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Tuna Tartare at Home


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eGullet is lucky enough to have some awesome food sanitation experts along with, of course, off-the-charts chefs.

Here's the thing. There are a few tuna tartare recipes I'd like to make at home. The fish markets are telling me that the tuna "in the case" is NOT suitable for use in tartare. Instead, there are a few places (Whole Foods and a local fish market) that have flash frozen tuna, which they say is appropriate for "sushi" use (i.e. eating raw). They advise slacking the fish in a room temp salt water solution.

Here are the questions:

> What is the best/smartest way to buy tuna suitable for eating raw?

> If purchased frozen, what is the best way to bring it out of its frozen state and retain the freshest flavor/quality?

> Am I dramatically reducing my risk of a food-borne illness by buying the flash-frozen vs. - for example - the tuna from the case at Whole Foods?

Please come to my rescue!

Thanks.

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"If you don't want to use butter, add cream."

Julia Child

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I would do the frozen and thaw by running cold water on it or in a pot of cold water. I saw this done in the place I worked briefly and I know that most sushi joints use frozen Japanese sources.

After that it is just clean everything well and move fast.

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Almost all food safety advice out there is anecdotal at best, especially anything you get from the fishmonger at the grocery store: CYA is the order of the day, and mostly based on either bad science, or no science at all. If that fish in the case isn't safe for tartare, it's not safe to eat, period. The temperatures we cook tuna to are far too low to achieve a meaningful reduction in bacteria. (Modernist Cuisine's chapter on food safety is both enlightening and depressing).

Chris Hennes
Director of Operations
chennes@egullet.org

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s stated most tuna sold for consumption should be ok to eat raw, however the outside getting contaminated could be an issue. A quick sear on all sides would kill any surface bugs, but if you want it totally raw then cut a thin strip of each side would remove the potentially contaminated outer layer.

The majority of fresh tuna will have been frozen at some point so in your case since you can get it I'd go for the flash frozen. To defrost, if it's vacuum packed just put it under running cold water, or in a bowl and change frequently. If not vacuum packed then put it in a ziplock bag. Once defrosted give it a quick rinse and use ASAP.

Time flies like an arrow, fruit flies like a banana.

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First, you need to find a fish monger familiar with the quality needed for sushi/sashimi whether fresh or frozen.

Preferably a Japanese market where the fish is labeled sushi grade. All else is for cooking with no raw interior.

Tuna are handled differently depending on the final destination and use. Tuna for normal cooking is not processed or kept to the higher standards of sushi grade.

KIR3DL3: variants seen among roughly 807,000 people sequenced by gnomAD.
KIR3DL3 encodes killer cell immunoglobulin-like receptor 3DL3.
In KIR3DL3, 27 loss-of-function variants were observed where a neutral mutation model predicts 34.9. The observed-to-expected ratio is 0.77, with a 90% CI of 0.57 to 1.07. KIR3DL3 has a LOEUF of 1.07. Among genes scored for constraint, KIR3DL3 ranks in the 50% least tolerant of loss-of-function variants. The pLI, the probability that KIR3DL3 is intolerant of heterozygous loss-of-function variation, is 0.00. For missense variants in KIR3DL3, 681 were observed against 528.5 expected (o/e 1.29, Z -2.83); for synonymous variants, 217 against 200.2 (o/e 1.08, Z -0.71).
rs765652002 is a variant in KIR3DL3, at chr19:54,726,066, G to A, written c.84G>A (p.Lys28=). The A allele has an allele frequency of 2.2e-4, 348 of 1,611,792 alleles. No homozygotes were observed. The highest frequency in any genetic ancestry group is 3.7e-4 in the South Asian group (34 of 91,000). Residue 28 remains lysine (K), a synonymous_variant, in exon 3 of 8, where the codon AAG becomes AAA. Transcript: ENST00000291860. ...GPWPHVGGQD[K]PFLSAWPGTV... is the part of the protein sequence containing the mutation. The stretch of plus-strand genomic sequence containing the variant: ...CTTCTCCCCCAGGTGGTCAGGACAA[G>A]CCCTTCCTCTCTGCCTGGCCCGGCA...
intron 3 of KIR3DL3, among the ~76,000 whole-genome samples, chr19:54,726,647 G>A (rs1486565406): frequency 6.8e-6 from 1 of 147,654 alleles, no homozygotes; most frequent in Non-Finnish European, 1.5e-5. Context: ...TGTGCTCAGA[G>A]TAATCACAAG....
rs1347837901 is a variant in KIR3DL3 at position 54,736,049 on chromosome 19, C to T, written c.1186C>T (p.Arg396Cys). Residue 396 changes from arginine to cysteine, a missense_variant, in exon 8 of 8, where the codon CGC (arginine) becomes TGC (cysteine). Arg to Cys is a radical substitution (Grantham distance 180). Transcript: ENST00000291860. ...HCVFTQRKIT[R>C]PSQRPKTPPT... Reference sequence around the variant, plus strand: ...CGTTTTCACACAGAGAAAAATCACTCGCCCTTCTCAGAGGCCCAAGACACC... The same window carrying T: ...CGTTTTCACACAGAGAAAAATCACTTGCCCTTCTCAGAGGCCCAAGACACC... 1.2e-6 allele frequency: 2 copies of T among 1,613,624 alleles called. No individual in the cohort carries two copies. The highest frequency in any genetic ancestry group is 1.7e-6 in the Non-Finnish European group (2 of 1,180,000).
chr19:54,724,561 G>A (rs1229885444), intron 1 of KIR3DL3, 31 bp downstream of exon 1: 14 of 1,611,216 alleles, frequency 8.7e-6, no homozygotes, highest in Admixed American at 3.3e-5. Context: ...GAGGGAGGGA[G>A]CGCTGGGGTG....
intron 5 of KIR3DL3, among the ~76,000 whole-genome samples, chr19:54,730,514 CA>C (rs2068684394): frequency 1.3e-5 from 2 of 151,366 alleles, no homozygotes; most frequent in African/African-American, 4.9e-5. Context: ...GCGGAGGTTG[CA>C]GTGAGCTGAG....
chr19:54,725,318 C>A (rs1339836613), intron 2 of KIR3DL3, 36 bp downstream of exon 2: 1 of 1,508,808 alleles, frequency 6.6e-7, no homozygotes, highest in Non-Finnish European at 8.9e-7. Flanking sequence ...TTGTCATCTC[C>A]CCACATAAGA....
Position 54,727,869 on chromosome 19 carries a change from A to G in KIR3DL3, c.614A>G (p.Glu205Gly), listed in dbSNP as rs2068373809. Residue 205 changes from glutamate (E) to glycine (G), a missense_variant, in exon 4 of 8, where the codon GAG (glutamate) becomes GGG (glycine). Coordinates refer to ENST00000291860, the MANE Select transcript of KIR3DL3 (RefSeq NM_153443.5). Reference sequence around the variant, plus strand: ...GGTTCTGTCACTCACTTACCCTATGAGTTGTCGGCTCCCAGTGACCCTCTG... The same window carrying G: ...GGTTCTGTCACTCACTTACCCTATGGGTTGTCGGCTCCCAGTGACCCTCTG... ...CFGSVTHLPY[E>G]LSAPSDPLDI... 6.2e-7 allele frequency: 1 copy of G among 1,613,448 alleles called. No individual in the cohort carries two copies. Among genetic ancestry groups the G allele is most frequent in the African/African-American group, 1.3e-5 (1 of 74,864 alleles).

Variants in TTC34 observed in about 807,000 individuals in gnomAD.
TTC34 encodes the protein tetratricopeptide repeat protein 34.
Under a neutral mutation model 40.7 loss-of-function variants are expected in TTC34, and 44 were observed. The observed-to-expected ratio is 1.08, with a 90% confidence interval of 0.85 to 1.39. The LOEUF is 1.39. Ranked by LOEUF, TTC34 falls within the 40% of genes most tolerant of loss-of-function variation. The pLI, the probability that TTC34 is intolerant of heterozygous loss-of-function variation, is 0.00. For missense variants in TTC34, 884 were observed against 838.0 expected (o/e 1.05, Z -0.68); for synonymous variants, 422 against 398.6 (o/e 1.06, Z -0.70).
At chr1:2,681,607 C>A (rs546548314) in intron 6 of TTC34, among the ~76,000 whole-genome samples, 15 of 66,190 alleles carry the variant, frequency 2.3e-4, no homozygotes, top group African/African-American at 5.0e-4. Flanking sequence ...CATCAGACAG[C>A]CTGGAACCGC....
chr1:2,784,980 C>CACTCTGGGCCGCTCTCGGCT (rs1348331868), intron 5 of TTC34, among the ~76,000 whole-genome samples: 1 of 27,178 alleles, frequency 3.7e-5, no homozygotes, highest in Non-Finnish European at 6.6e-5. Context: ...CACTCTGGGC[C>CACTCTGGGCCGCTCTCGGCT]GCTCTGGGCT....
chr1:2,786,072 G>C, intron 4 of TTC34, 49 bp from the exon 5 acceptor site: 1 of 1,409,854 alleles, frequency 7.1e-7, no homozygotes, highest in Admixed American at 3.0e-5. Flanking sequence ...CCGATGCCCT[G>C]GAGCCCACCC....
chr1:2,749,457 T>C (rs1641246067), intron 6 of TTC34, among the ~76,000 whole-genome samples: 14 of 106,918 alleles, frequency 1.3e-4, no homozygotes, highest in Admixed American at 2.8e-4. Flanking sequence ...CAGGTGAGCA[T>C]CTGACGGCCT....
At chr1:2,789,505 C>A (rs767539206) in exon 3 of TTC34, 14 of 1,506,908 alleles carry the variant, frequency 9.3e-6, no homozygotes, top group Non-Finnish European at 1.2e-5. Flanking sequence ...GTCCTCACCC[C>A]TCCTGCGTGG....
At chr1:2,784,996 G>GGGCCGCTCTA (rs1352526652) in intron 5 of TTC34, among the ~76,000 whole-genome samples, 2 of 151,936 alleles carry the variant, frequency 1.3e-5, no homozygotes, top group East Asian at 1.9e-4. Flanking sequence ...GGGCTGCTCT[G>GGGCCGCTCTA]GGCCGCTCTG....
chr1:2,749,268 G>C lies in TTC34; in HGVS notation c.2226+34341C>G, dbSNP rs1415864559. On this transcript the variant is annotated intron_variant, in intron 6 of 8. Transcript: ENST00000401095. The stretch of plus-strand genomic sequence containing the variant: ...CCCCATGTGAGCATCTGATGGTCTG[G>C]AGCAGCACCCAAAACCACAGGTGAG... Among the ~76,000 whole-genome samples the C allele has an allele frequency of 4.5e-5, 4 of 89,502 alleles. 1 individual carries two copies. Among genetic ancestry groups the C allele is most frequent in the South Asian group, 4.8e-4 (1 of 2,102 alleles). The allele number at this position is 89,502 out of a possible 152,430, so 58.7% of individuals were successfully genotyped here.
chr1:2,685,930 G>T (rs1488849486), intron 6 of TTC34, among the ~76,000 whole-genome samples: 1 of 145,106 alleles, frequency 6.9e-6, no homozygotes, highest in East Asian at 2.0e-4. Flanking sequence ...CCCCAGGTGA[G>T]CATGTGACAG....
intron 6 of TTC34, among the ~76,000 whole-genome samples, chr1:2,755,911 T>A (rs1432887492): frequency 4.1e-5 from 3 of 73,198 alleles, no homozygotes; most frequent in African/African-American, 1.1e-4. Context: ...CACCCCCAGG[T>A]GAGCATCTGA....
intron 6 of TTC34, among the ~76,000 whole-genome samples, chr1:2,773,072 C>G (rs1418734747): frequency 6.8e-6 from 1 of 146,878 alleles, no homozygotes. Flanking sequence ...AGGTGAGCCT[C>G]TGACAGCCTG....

It is possible to acquire fresh sushi grade tuna but only from a limited number of suppliers and from Browne Trading which only sells fresh bluefin during the late summer/early Autumn when the bluefin are moving through New England waters.

I have purchased sushi grade from Whole Foods that was not frozen but kept in a sterile sort of wrap. It was not bluefin but Ahi probably from Hawaii.

Not all tuna sold for consumption is suitable for raw consumption and in fact little of it is. You need to find a source familiar with raw consumption and willing to label as sushi grade. The price differential should be double,i.e. for consumption about $10/#, for raw, upwards from the low $20/#.-Dick

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Budrichard - you were right on with pricing. The vacuum sealed "sushi grade" tuna (flash frozen) was about $24/pound. I must say, though, I didn't love the product. Having said that, my "diners" thought the dish was awesome and I'll definitely repeat.

By the way, the entree I made was "Tuna 2 Ways" from Eric Ripert's book "On the Line". For anyone not in the restaurant business, but interested in it, the book is awesome. I was lucky enough to spend a week in Le Bernardin's kitchen and this book really makes you feel like you're in the kitchen. Lots of fun facts about how much food they go through, info on each station, and - yes - some awesome recipes too.

My next reach in my search for better tuna will be our closest fish supplier, which sells retail and supplies many restaurants as well.

I have purchased fish from Browne Trading before (mail order) and have never been disappointed, except with the price (the fish is reasonable, but when you get done with the special shipping and packaging - it gets up there).

---------------------------------------------------------

"If you don't want to use butter, add cream."

Julia Child

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"but when you get done with the special shipping and packaging - it gets up there). "

The freight charges for overnight now are routinely as much as the product you order so I try to keep those expenditures at a minimum now and use the local suppliers has much as possible.

But I can get whole belly sections of Toro from Browne Trading ( outer skin and inner wall still attached) fresh along with great Akami sections so I stilll use them but not as often.

You are correct that 'sushi grade' carries no governmental status but it does carry status in the trade and you need a point to start from in dealing with a fish monger to ascertain if they know and can deliver suitable product.-Dick

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